Good Old ReviewsAlone In The Dark - Dying To Be RemasteredGood Old Reviews - RSS 2.0
I clearly remember the first time I was introduced to Alone in the Dark. I was visiting a family friend who owned far more games than most kids my age dreamed of collecting, where I'd spend hours watching him play or taking turns myself. At one point, he decided to show me something new - a horror game set in the 1920s with an especially creepy flair. It never crossed my mind at the time that I hadn't seen a horror game before. As it turns out, Alone of the Dark was the first of its kind, with a first impression which was incredibly memorable.
My friend selected the male protagonist, Edward Carnby, and skipped the cutscene to arrive in an empty attic. Using the keyboard, he guided Carnby around the room, picking up items which would no doubt be useful later. Eventually he grabbed a shotgun from a nearby chest. "I'm going to need this soon for the monster," my friend added.
He wasn't kidding. Literally seconds later, the camera angle shifted as a vicious beast leapt through the window and rushed to attack Carnby. A few shotgun blasts put the monster down, but we weren't done yet. Moments later, a trapdoor opened in the floor, revealing a zombie who lurched forward with a new attack. My friend ran out of bullets this point and was eventually struck down. But upon reloading, we realized he could push the shotgun's chest over the trapdoor, blocking its path.
Alone in the Dark was a completely new experience to me, and not just as a horror game. Until that point, players were always agents of change, boldly stepping forward to leave an impact on the world. This was my first game where events unfolded regardless of what the player was doing or ready for. While the rest of Alone in the Dark proved more forgiving in terms of roaming monsters, this intro perfectly set the tone for how much danger the player faced at every moment. The only way you could feel in control was by knowing exactly what was going to happen - which usually meant you reacted poorly to every new encounter. As it turns out, that's a great way to present horror in video games.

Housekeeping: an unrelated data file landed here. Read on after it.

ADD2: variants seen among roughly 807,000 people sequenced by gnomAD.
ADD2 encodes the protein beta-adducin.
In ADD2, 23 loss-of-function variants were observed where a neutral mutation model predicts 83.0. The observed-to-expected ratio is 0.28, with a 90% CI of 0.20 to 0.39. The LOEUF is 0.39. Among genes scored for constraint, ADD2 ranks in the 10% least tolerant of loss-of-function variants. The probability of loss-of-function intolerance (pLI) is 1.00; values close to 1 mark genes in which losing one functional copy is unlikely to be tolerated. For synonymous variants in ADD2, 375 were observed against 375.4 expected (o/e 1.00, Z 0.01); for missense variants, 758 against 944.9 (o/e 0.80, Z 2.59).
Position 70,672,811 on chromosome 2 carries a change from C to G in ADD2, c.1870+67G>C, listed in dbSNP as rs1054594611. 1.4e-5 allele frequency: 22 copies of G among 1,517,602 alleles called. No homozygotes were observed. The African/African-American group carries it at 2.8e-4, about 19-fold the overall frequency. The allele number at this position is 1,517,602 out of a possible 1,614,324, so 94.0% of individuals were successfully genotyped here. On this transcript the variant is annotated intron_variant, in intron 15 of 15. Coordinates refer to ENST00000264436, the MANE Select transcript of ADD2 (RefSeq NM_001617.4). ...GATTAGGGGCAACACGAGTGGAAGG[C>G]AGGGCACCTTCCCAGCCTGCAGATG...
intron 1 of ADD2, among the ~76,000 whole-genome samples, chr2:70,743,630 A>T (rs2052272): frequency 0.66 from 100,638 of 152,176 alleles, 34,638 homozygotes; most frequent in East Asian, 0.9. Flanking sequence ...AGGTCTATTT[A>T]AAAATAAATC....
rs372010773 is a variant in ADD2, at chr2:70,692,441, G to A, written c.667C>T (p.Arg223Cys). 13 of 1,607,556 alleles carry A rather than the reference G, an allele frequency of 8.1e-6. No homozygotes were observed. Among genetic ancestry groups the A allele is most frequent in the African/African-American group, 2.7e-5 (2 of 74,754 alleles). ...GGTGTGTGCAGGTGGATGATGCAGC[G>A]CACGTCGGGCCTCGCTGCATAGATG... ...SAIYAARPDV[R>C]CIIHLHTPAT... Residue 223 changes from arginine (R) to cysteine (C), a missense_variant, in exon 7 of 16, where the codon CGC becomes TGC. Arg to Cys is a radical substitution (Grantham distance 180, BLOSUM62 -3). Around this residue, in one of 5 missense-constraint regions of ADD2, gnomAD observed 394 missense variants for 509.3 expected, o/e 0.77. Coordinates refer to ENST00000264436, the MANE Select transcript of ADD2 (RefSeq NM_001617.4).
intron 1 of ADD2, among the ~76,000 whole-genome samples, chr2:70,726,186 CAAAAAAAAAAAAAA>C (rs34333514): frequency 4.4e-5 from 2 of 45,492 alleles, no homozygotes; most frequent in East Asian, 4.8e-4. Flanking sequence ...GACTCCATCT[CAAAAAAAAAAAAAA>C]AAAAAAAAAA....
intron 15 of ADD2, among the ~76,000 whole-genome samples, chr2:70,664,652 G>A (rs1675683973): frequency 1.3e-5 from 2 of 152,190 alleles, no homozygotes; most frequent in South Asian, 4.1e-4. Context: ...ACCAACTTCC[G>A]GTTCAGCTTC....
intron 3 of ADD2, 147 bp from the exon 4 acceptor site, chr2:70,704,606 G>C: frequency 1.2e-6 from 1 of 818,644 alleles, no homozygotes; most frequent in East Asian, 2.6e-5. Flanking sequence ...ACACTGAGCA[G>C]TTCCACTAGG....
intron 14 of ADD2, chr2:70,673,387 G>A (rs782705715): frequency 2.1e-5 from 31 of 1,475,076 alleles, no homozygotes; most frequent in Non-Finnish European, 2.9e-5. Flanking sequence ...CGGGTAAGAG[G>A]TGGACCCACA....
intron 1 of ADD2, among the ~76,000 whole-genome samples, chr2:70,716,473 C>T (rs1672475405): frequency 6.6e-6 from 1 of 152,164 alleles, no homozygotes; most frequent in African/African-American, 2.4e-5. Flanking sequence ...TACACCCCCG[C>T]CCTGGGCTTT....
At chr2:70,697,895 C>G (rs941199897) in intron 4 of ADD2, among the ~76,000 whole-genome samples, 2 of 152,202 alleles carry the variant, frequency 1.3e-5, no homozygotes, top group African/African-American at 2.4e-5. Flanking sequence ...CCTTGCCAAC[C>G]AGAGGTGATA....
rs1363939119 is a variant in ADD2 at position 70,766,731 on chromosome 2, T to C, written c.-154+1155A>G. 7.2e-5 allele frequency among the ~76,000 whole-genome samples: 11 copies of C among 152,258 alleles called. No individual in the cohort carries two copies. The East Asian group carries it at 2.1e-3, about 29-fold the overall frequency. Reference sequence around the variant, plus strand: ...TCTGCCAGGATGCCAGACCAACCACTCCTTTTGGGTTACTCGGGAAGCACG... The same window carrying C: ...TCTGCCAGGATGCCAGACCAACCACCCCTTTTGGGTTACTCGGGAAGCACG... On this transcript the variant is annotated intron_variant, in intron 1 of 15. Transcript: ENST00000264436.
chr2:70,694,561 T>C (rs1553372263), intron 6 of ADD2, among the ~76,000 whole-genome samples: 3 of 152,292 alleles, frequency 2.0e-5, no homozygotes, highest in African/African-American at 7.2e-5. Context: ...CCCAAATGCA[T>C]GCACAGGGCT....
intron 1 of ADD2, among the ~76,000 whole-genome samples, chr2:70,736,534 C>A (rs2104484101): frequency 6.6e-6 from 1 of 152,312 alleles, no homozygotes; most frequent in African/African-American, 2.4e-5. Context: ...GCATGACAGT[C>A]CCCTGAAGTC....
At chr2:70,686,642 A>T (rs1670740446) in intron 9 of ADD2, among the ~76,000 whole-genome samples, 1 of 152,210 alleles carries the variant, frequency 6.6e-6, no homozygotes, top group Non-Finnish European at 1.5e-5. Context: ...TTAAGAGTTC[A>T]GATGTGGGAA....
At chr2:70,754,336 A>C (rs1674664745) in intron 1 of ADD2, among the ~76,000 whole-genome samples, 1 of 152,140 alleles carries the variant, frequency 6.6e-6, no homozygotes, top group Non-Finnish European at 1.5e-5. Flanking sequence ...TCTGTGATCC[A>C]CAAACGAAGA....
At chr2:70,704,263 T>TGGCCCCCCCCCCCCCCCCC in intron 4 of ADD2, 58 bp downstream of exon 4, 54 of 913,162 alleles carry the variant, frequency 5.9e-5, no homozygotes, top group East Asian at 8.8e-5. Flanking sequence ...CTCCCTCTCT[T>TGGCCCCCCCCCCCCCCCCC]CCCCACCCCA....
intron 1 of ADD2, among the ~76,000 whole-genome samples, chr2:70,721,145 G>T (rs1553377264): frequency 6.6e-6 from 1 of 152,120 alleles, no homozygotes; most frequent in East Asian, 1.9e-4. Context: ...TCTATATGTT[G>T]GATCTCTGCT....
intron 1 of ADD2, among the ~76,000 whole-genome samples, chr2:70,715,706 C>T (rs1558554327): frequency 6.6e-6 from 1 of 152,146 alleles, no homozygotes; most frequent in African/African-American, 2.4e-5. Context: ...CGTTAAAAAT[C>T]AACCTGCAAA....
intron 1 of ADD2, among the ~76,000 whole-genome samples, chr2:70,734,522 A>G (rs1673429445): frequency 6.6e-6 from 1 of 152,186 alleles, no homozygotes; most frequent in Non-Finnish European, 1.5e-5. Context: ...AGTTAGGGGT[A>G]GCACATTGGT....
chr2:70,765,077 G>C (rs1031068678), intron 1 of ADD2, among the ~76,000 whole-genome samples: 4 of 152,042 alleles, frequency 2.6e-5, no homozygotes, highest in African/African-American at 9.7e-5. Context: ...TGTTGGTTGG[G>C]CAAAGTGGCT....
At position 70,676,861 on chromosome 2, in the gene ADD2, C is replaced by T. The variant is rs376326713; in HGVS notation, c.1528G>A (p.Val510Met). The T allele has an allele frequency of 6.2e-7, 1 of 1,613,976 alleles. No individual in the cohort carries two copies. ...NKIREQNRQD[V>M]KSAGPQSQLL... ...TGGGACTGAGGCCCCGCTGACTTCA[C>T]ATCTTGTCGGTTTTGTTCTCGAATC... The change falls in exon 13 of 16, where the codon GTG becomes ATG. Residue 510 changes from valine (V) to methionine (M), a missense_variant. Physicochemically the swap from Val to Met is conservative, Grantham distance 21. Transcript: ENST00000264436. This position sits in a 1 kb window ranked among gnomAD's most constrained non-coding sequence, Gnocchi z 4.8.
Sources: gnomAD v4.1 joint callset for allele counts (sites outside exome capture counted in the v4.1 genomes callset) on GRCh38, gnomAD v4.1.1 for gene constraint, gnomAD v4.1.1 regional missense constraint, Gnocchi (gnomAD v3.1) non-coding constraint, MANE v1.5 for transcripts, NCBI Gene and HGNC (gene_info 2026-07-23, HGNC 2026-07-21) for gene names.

Alone in the Dark takes place in Derceto mansion, a Louisiana residence whose owner - Jeremy Hartwood - committed suicide following a prolonged bout of mental instability. You play as Edward Carnby, the private investigator hired by Hartwood's niece to retrieve personal effects from a piano in the attic. But what seems like a straightforward job takes a bleak turn after sunset, as monsters and supernatural creatures emerge from the darkness. Trapped inside the mansion with only your wits and limited weaponry, you'll need to piece together Derceto's mysteries before they claim your life.
At least that's the canonical introduction. Alternatively, you could play as Emily Hartwood - Jeremy's niece - if she decided to visit Derceto mansion personally. Carnby eventually became the franchise's supernatural investigator, but I'd say Emily is a better fit for this particular story. She has a family connection to Derceto mansion, even reacting to her own photo in a study. In the context of Alone in the Dark's lore, her experience can be viewed as a quest to redeem the family name. Plus Emily visiting Derceto just makes more sense - why hire some gumshoe to walk up a flight of stairs to investigate a piano? It doesn't impact gameplay at all, outside of choosing which dated character model you control. But if you're the kind of player who gets immersed in backstory, Emily's feels a little more interesting.
In terms of gameplay, Alone in the Dark operates more like an adventure game than what we'd consider survival horror. After clearing the attic and upper floor, you're free to explore most of Derceto, collecting objects which unlock rooms and events in other sections of the manor. Several monsters can even be treated as puzzles in that they don't always require combat to defeat. Of course, that means Alone in the Dark has all the downsides of classic adventure games too - specifically, you're forced to wander the halls testing item combinations until a unique solution emerges.